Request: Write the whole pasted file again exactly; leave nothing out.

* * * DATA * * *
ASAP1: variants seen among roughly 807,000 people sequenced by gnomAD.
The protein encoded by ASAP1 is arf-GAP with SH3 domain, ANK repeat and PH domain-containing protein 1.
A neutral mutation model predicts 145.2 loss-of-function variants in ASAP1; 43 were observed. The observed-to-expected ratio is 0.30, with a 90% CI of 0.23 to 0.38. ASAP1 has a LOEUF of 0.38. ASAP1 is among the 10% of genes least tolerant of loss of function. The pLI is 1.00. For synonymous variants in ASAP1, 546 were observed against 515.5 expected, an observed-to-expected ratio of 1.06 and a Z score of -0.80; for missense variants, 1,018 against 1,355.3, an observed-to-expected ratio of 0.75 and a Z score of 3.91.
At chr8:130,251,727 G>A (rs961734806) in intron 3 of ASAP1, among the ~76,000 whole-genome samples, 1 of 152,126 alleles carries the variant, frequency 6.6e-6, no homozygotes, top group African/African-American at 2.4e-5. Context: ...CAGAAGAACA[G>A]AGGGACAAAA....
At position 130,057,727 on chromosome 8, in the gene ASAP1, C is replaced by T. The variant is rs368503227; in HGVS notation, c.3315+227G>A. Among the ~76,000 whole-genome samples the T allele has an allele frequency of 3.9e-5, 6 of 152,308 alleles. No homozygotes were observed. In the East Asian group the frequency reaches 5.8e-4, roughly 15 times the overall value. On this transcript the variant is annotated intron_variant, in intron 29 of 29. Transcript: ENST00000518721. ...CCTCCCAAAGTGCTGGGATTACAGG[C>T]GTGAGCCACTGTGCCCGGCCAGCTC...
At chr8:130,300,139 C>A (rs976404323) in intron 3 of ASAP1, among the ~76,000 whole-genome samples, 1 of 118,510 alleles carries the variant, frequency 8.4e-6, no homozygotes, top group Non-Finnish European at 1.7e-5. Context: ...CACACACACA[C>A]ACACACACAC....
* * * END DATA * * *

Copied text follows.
ASAP1: variants seen among roughly 807,000 people sequenced by gnomAD.
The protein encoded by ASAP1 is arf-GAP with SH3 domain, ANK repeat and PH domain-containing protein 1.
A neutral mutation model predicts 145.2 loss-of-function variants in ASAP1; 43 were observed. The observed-to-expected ratio is 0.30, with a 90% CI of 0.23 to 0.38. ASAP1 has a LOEUF of 0.38. ASAP1 is among the 10% of genes least tolerant of loss of function. The pLI is 1.00. For synonymous variants in ASAP1, 546 were observed against 515.5 expected, an observed-to-expected ratio of 1.06 and a Z score of -0.80; for missense variants, 1,018 against 1,355.3, an observed-to-expected ratio of 0.75 and a Z score of 3.91.
At chr8:130,251,727 G>A (rs961734806) in intron 3 of ASAP1, among the ~76,000 whole-genome samples, 1 of 152,126 alleles carries the variant, frequency 6.6e-6, no homozygotes, top group African/African-American at 2.4e-5. Context: ...CAGAAGAACA[G>A]AGGGACAAAA....
At position 130,057,727 on chromosome 8, in the gene ASAP1, C is replaced by T. The variant is rs368503227; in HGVS notation, c.3315+227G>A. Among the ~76,000 whole-genome samples the T allele has an allele frequency of 3.9e-5, 6 of 152,308 alleles. No homozygotes were observed. In the East Asian group the frequency reaches 5.8e-4, roughly 15 times the overall value. On this transcript the variant is annotated intron_variant, in intron 29 of 29. Transcript: ENST00000518721. ...CCTCCCAAAGTGCTGGGATTACAGG[C>T]GTGAGCCACTGTGCCCGGCCAGCTC...
At chr8:130,300,139 C>A (rs976404323) in intron 3 of ASAP1, among the ~76,000 whole-genome samples, 1 of 118,510 alleles carries the variant, frequency 8.4e-6, no homozygotes, top group Non-Finnish European at 1.7e-5. Context: ...CACACACACA[C>A]ACACACACAC....